(MA15+) Directed by Ariel Kleiman
Starring Vincent Cassel, Jeremy Chabriel
by Ben McEachen
Euphemisms jostle for position because it's hard to say much about this resonant, confident debut without diminishing the experience of it. Australian director Ariel Kleiman and co-writer Sarah Cyngler have composed an elegant fable about responding to the world's terrors. Revealing more about Partisan risks conjuring standard images or expectations that it does so well to elevate beyond standard.
Not that Partisan entirely escapes predictability or the familiarity of a three-act flow. Final stages are comparatively textbook after the intriguing set-up and assured control of revelations about the place, purpose and power of Gregori (Vincent Cassel). His relationship with 11-year-old “son” Alexander (Jeremy Chabriel) blossoms into a situation that feels inevitable. But how the seeds of destruction have been sowed remain with you.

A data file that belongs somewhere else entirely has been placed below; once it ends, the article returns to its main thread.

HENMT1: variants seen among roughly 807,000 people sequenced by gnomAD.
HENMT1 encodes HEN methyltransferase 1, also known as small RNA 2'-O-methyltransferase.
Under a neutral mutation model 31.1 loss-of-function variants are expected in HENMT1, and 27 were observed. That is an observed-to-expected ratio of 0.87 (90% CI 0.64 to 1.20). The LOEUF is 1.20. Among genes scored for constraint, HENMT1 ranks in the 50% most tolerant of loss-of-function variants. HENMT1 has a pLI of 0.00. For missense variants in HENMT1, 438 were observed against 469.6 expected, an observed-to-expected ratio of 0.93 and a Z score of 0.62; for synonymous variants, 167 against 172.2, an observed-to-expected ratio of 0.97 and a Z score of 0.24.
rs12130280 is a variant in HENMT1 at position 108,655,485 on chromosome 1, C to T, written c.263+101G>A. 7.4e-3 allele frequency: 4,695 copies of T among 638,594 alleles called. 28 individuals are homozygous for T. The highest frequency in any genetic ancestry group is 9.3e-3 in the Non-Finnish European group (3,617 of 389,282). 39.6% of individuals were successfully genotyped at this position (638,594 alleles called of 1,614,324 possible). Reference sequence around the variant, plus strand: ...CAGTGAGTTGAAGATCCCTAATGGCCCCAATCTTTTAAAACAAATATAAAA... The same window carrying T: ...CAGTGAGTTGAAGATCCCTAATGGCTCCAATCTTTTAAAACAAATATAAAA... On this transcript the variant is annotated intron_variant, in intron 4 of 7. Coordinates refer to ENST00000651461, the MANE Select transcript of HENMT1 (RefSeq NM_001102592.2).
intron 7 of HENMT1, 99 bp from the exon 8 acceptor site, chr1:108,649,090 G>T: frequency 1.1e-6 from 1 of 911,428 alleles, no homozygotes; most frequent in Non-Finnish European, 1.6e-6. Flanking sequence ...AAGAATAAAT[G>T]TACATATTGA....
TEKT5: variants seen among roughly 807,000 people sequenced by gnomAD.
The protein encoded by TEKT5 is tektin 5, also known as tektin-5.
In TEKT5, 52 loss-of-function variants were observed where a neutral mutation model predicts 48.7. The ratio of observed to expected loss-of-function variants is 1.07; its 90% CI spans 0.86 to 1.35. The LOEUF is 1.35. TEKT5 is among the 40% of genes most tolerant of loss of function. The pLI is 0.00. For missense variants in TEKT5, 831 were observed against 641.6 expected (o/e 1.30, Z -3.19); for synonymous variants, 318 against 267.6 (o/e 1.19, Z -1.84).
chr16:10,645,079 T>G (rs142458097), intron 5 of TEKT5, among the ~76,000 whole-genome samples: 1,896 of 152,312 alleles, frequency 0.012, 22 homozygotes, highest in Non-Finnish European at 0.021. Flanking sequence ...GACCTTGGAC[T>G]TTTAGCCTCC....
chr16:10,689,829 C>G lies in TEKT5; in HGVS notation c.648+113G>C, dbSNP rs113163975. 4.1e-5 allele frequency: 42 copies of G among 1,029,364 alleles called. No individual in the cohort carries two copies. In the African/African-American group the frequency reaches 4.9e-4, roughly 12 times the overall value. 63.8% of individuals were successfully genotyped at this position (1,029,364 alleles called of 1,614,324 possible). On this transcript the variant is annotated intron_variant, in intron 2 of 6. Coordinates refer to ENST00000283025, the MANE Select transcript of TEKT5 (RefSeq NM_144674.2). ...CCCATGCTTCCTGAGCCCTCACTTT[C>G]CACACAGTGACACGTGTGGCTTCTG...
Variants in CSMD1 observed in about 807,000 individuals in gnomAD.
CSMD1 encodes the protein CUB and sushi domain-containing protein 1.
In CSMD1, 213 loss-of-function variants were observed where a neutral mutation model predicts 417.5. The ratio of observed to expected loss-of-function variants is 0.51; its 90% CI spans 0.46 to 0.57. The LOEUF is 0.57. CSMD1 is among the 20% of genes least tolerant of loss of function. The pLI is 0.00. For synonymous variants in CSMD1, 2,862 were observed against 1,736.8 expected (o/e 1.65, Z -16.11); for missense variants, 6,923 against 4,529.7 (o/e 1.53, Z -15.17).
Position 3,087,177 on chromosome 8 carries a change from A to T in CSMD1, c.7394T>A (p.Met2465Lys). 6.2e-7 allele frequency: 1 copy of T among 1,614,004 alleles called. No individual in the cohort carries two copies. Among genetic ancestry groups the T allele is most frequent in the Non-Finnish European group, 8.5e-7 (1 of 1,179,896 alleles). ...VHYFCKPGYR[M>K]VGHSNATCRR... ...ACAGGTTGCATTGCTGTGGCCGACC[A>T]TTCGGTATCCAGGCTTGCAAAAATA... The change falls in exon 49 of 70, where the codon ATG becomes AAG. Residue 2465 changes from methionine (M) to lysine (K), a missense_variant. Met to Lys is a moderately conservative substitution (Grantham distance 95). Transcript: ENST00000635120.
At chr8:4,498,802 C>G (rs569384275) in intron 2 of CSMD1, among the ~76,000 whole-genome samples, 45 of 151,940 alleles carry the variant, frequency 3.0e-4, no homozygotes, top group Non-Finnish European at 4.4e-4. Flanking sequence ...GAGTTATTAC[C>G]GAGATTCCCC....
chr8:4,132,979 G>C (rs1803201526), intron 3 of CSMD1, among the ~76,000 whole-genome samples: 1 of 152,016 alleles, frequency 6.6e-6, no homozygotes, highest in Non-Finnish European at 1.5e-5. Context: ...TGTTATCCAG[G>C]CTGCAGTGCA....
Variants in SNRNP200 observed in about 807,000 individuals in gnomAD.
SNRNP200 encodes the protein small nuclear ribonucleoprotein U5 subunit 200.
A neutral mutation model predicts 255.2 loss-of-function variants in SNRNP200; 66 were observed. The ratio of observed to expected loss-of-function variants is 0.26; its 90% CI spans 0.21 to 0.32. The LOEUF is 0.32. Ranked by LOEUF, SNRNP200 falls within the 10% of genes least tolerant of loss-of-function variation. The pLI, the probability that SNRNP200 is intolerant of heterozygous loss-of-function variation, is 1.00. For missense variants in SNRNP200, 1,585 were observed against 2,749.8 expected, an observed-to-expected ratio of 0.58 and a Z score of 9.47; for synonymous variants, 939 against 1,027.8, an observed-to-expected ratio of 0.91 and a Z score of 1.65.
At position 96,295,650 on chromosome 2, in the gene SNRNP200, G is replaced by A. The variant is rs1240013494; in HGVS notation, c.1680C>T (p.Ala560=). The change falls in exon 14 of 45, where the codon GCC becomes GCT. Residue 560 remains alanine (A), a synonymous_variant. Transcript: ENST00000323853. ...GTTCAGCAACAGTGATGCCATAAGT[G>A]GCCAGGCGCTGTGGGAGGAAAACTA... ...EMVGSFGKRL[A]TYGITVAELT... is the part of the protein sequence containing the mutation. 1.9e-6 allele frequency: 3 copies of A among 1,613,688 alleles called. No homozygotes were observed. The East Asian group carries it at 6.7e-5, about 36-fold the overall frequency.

Using locations in Georgia, Eastern Europe, to atmospheric effect, Partisan deposits us in a bombed-out “Nowhere Land”. Sound and vision are top shelf, propagating a surreal-real vibe akin to Andrei Tarkovsky's Stalker. Although casting non-actors in many roles results in amateur moments, their cosmopolitan blend underscores the universality of Partisan's quiet thrust. Capably matching the overall intent is Cassel, who imbues Gregori with the understated charm and conviction required.
A disturbing whisper, Partisan is a message movie that doesn't megaphone. What is up with Gregori drills into how adults raise children, rather than taking cheap shots at religion or political factions. The hypocrisy of fighting fire with fire combines with the atrocity of brainwashing children – in the name of freedom. The moral of the story gently sears as an insightful commentary about the state of us all.